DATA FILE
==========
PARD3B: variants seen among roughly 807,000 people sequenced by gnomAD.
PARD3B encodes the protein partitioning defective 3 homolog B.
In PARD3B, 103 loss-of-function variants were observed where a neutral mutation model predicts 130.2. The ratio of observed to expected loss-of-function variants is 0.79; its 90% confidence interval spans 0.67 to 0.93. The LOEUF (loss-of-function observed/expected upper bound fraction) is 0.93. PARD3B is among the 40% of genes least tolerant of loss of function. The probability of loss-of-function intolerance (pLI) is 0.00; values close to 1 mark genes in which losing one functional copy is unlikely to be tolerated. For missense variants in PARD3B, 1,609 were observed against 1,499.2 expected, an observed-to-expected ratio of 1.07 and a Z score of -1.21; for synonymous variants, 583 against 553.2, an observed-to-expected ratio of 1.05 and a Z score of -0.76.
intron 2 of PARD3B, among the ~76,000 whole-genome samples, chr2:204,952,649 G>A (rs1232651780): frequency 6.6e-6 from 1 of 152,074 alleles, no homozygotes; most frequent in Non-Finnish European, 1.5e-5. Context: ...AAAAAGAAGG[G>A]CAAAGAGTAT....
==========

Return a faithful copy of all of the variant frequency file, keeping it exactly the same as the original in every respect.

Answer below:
PARD3B: variants seen among roughly 807,000 people sequenced by gnomAD.
PARD3B encodes the protein partitioning defective 3 homolog B.
In PARD3B, 103 loss-of-function variants were observed where a neutral mutation model predicts 130.2. The ratio of observed to expected loss-of-function variants is 0.79; its 90% confidence interval spans 0.67 to 0.93. The LOEUF (loss-of-function observed/expected upper bound fraction) is 0.93. PARD3B is among the 40% of genes least tolerant of loss of function. The probability of loss-of-function intolerance (pLI) is 0.00; values close to 1 mark genes in which losing one functional copy is unlikely to be tolerated. For missense variants in PARD3B, 1,609 were observed against 1,499.2 expected, an observed-to-expected ratio of 1.07 and a Z score of -1.21; for synonymous variants, 583 against 553.2, an observed-to-expected ratio of 1.05 and a Z score of -0.76.
intron 2 of PARD3B, among the ~76,000 whole-genome samples, chr2:204,952,649 G>A (rs1232651780): frequency 6.6e-6 from 1 of 152,074 alleles, no homozygotes; most frequent in Non-Finnish European, 1.5e-5. Context: ...AAAAAGAAGG[G>A]CAAAGAGTAT....